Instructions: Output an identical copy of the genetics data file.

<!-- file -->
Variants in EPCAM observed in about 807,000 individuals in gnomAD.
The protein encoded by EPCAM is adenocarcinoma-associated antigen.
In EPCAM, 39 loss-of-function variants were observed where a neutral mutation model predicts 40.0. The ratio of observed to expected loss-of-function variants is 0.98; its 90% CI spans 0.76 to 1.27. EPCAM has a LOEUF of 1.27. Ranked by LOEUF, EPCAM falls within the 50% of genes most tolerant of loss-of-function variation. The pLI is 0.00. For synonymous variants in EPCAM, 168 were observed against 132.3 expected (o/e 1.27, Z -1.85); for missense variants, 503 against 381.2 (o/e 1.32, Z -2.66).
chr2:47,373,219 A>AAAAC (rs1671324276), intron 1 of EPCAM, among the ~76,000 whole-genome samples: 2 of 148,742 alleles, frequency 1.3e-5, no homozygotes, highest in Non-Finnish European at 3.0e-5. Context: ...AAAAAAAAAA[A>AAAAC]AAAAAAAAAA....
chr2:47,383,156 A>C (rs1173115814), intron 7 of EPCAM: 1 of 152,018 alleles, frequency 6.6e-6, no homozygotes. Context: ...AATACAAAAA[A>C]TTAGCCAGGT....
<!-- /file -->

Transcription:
Variants in EPCAM observed in about 807,000 individuals in gnomAD.
The protein encoded by EPCAM is adenocarcinoma-associated antigen.
In EPCAM, 39 loss-of-function variants were observed where a neutral mutation model predicts 40.0. The ratio of observed to expected loss-of-function variants is 0.98; its 90% CI spans 0.76 to 1.27. EPCAM has a LOEUF of 1.27. Ranked by LOEUF, EPCAM falls within the 50% of genes most tolerant of loss-of-function variation. The pLI is 0.00. For synonymous variants in EPCAM, 168 were observed against 132.3 expected (o/e 1.27, Z -1.85); for missense variants, 503 against 381.2 (o/e 1.32, Z -2.66).
chr2:47,373,219 A>AAAAC (rs1671324276), intron 1 of EPCAM, among the ~76,000 whole-genome samples: 2 of 148,742 alleles, frequency 1.3e-5, no homozygotes, highest in Non-Finnish European at 3.0e-5. Context: ...AAAAAAAAAA[A>AAAAC]AAAAAAAAAA....
chr2:47,383,156 A>C (rs1173115814), intron 7 of EPCAM: 1 of 152,018 alleles, frequency 6.6e-6, no homozygotes. Context: ...AATACAAAAA[A>C]TTAGCCAGGT....